SSJ v Staffordshire County Council and SRK [2016] EWCA Civ 1317, [2016] MHLO 55

"The issue in this case is whether, in order for the United Kingdom to avoid being in breach of Article 5(1) of the European Convention on Human Rights, it is necessary for a welfare order to be made by the Court of Protection pursuant to the Mental Capacity Act 2005 in a case where an individual, who lacks the capacity to make decisions about where to live and the regime of care, treatment and support that he should receive, is to be given such care, treatment and support entirely by private sector providers in private accommodation in circumstances which, objectively, are a deprivation of his liberty within the meaning of Article 5(1) of the Convention."

Related judgments

SSJ v Staffordshire County Council and SRK [2016] EWCA Civ 1317, [2016] MHLO 55

ICLR

The ICLR have kindly agreed for their WLR (D) case report to be reproduced below.

Court of Appeal

Staffordshire County Council v K

[2016] EWCA Civ 1317

Sir Terence Etherton MR, Elias , Beatson LJJ

Mental disorder — Incapable person — Deprivation of liberty — Severely injured adult lacking mental capacity to make decisions as to care and residence — Deputy appointed to manage property and affairs — Damages award used by private sector providers to provide residential property, care and support — Care regime amounting to objective deprivation of liberty — Whether deprivation of liberty to be imputed to state — Whether welfare order required to ensure lawfulness of care regime — Human Rights Act 1998 (c 42), Sch 1, Pt I, art 5 — Mental Capacity Act 2005 (c 9) (as amended by Mental Health Act 2007 (c 12), s 50, Sch 9, para 10), ss 16, 64(5)(6)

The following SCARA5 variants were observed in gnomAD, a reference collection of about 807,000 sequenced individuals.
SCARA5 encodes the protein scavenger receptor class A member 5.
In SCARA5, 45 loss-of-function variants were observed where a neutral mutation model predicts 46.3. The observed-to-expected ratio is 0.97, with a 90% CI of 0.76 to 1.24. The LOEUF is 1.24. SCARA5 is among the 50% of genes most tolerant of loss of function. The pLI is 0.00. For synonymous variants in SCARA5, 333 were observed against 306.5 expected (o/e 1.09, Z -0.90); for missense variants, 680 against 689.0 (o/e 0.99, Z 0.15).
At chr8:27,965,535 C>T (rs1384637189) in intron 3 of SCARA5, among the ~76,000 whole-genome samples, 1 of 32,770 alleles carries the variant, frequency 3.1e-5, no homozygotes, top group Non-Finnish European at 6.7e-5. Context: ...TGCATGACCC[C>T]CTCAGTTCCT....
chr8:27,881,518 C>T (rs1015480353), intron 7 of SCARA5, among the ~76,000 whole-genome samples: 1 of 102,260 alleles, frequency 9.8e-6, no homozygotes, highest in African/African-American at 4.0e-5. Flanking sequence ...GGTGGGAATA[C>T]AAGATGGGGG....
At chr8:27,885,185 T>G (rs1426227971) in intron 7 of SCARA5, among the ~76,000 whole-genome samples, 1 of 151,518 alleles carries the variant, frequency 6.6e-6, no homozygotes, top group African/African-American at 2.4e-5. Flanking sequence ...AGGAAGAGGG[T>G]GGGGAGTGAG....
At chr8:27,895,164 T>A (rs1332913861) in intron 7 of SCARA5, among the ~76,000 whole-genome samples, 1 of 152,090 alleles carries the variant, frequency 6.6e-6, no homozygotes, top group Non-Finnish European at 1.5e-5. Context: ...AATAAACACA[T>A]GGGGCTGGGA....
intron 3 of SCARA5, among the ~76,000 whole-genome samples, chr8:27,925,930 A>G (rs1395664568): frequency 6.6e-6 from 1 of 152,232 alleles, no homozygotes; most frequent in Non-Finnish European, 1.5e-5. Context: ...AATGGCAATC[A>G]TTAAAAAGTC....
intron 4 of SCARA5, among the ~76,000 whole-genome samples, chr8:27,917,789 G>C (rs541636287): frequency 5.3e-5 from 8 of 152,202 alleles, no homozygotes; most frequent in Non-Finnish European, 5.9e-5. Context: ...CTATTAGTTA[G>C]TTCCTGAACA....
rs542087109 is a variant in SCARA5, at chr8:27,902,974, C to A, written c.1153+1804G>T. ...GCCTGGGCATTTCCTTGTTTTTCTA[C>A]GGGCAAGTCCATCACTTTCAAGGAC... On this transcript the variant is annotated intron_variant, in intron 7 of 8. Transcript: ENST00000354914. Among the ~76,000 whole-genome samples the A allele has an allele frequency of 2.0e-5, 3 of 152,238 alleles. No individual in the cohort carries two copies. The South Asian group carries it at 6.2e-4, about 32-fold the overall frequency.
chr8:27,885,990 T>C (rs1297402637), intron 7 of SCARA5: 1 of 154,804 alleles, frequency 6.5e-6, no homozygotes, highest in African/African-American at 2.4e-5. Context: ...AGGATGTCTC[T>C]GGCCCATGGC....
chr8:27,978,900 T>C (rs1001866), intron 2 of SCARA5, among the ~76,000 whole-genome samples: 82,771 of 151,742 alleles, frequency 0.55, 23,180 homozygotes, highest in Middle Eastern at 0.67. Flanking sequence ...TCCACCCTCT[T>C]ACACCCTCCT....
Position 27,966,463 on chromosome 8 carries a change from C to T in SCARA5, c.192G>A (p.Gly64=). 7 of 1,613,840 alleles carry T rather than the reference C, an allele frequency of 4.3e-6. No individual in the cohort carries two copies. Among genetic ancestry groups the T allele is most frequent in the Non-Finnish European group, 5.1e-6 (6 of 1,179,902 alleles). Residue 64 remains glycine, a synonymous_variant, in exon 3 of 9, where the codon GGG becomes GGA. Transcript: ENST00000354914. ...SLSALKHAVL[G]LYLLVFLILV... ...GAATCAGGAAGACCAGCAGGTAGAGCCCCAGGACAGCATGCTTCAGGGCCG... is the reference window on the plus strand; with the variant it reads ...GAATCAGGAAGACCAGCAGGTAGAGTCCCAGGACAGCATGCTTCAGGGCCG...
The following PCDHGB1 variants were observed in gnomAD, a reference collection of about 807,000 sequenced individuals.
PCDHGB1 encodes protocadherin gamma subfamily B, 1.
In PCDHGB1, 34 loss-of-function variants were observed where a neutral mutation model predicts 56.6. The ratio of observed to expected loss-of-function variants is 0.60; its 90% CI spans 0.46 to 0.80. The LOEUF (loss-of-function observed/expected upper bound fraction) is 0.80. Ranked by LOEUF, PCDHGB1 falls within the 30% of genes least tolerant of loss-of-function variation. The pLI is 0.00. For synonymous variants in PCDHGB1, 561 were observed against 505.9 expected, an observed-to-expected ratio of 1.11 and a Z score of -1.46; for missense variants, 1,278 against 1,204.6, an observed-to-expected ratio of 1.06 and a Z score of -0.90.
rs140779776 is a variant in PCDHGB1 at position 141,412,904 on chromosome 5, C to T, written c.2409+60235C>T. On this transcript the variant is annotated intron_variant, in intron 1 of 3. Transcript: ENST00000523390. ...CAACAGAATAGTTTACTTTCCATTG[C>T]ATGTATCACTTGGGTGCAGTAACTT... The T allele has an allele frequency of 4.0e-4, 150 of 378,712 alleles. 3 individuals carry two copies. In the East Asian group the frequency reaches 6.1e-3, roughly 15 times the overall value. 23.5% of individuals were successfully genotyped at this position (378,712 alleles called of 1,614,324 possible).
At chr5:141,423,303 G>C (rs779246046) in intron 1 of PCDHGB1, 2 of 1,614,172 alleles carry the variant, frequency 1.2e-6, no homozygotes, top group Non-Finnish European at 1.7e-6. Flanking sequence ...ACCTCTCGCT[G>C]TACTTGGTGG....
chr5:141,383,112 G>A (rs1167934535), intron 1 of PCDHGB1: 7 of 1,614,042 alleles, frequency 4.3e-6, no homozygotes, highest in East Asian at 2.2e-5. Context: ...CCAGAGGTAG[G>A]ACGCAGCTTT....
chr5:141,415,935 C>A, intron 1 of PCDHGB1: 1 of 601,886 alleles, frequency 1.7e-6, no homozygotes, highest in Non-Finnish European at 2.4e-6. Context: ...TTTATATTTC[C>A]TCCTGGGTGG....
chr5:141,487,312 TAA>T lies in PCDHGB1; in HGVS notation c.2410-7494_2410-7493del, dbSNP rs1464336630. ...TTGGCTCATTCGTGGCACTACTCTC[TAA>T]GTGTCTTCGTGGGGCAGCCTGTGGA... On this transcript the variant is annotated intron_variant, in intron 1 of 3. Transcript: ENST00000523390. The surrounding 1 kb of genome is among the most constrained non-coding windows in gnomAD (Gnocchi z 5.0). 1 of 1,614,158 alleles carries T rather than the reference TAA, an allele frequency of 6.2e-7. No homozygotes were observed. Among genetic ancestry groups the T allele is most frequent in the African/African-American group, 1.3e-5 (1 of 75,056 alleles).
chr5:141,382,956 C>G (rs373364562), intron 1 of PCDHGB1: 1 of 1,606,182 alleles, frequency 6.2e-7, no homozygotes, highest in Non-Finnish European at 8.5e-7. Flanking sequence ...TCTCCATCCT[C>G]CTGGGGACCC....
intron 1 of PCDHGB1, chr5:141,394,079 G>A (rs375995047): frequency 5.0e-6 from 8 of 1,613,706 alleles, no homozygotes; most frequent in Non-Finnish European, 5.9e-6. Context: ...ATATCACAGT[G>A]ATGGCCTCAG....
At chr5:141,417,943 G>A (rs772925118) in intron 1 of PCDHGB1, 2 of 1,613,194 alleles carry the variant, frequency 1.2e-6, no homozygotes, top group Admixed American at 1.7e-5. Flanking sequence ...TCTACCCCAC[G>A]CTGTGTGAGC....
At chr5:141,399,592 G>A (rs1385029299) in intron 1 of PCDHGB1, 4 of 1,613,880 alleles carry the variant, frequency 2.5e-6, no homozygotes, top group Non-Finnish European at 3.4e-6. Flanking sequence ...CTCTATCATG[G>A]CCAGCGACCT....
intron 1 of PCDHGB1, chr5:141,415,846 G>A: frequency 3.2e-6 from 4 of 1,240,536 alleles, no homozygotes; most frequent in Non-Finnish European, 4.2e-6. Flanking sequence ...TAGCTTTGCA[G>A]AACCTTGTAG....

K, an incapacitated adult who had been severely injured in a road traffic accident, was awarded substantial damages in court proceedings which were used by his property and affairs deputy, a private trust corporation, to provide a specially adapted residence and to fund the regime of care and support provided by private sector providers. The local authority, having been informed of the arrangements for K’s care and the arrangements having been registered with the Care Quality Commission, applied to the Court of Protection for a welfare order under section 16 of the Mental Capacity Act 2005. The parties accepted that the arrangements satisfied the first two components of a deprivation of liberty within article 5 of the Convention for the Protection of Human Rights and Fundamental Freedoms, namely (i) the objective component of confinement in a particular restricted place for a not negligible length of time and (ii) the subjective component of lack of valid consent. However, the Secretary of State contended that the third component, namely the attribution of responsibility to the state, did not apply to the privately funded and arranged care regime, or to others in an equivalent position, and therefore there had been no “deprivation of [K’s] liberty” for the purposes of the 2005 Act and consequently the care regime could lawfully be put in place without a welfare order being made under the Act. The judge granted the application for a welfare order, holding that a “deprivation of a person’s liberty”, as defined in section 64(5) of the Mental Capacity Act 2005, as amended, occurred only where all three components of a deprivation of liberty within article 5 of the Convention existed, including the third component of the attribution of responsibility to the state. He further held that none of the public bodies or individuals involved, neither the court which had awarded K damages, nor the Court of Protection when appointing the deputy, nor the deputy, nor the local authority, nor the Care Quality Commission, amounted to direct involvement on the part of the state so as to attribute responsibility to it, but that, since the court which had awarded K damages and the Court of Protection ought to have been aware that K’s care and treatment gave rise to the first two components of a deprivation of liberty, the positive obligations of article 5 were imposed on the state. Since the deprivation of liberty safeguards in Schedule A1 to the 2005 Act, as inserted, did not apply because the incapacitated person was not in a hospital or care home, responsibility was attributed to the state and, accordingly, a welfare order was necessary to provide a procedure which complied with article 5.